- Make it into a habit to run full loads of dishes and laundry. Fit in as many dishes as possible. Running it only when it’s full cuts down the number of times you need to run it. Saves you both water and energy. Do the same when you’re doing the laundry. Only run the washer when you have a full load of dirty clothes. An additional tip, energy star dishwashers use about 4 gallons of water per load, lesser than standard machines and handwashing.
- Don’t make the mistake of running the tap and waiting for the water to cool off each time your throat is calling for a cold glass of water. Fill up a pitcher or two and store them in the fridge instead. Alternatively, you can fill up your favourite sippy or tumbler and drink deep.
- Use the shower instead of the bathtub. Filling a bathtub takes about 70 gallons of water. So showers are practically a more water-efficient way to bathe. If you want to save further, use a low-flow showerhead. You can save 15 gallons of water during a 10 minute shower, according to national geographic.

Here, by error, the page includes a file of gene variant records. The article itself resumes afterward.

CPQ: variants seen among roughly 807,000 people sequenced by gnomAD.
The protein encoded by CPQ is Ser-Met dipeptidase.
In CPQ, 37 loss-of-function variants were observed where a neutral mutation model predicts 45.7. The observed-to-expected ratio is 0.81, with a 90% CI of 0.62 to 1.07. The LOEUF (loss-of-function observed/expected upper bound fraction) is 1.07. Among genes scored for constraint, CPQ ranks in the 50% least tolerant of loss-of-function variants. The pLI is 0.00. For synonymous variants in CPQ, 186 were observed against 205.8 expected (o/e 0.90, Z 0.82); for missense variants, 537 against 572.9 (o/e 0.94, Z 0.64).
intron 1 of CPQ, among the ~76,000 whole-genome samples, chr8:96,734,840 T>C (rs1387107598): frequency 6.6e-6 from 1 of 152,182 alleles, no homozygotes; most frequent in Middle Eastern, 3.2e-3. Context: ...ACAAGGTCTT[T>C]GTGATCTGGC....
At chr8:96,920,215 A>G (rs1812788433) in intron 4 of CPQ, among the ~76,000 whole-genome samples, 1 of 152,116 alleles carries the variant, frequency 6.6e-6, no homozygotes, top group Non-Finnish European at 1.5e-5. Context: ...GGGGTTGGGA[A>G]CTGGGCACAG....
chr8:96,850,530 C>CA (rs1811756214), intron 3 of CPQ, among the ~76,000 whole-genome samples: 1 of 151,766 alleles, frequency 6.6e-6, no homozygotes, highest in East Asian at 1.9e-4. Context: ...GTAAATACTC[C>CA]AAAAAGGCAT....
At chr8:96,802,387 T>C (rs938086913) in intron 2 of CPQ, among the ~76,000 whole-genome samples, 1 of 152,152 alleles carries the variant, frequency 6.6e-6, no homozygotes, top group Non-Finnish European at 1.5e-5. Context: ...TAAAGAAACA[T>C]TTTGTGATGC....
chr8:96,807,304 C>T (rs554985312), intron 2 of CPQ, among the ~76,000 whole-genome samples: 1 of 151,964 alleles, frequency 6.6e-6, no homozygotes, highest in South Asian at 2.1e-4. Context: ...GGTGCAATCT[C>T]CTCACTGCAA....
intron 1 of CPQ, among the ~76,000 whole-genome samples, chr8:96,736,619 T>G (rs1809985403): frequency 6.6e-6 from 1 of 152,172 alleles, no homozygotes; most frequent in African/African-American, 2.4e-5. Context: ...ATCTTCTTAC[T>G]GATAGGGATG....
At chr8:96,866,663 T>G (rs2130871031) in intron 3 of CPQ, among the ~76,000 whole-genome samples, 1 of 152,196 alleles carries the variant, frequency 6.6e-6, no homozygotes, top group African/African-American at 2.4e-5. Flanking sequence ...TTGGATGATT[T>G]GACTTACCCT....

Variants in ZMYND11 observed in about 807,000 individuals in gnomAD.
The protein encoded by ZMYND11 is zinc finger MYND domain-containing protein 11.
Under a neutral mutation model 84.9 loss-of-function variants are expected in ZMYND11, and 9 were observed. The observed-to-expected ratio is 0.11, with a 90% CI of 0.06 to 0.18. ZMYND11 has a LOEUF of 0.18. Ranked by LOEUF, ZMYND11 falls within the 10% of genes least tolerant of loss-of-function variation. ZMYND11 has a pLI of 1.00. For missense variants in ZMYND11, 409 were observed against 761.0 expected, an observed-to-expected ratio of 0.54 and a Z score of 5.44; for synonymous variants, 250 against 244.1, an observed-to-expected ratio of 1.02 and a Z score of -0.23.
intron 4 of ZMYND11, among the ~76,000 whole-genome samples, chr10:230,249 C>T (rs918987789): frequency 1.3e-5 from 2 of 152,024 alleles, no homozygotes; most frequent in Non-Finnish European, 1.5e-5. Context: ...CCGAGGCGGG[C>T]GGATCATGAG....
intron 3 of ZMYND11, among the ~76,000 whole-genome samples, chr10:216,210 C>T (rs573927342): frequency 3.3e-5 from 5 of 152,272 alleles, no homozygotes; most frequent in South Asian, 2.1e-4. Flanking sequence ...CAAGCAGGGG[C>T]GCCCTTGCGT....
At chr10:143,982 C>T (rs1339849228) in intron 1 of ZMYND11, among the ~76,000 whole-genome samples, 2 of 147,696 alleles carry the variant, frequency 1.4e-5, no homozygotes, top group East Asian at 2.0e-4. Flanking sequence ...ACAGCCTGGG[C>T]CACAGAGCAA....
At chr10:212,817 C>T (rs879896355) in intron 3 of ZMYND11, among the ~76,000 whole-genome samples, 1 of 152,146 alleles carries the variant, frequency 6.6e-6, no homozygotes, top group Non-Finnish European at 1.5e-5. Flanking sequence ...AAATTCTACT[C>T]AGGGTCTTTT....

2. Go hi-tech, invest in smart plumbing – Are you into technologies or your work requires you to be out of home often? You might want to consider doing a little upgrade in your plumbing. Smart technologies are becoming famous in home plumbing nowadays and getting rave reviews. They provide an easy way for homeowners to monitor and control water temperature, water flow, and even leaks. Smart leak detectors, for example, allow homeowners to detect the presence of leaks in the pipe via their smartphones. When a leak is likely to occur, the device sends an alert of abnormal flow rate. Some kick ass models can even alert you if the water is about to reach its freezing point, which is very helpful to avoid bursting pipe situations. A smart water shut-off valve on the other hand, lets you turn off your home’s water supply from anywhere. When it detects a leak, it automatically shuts off the water to avoid wasting and flooding.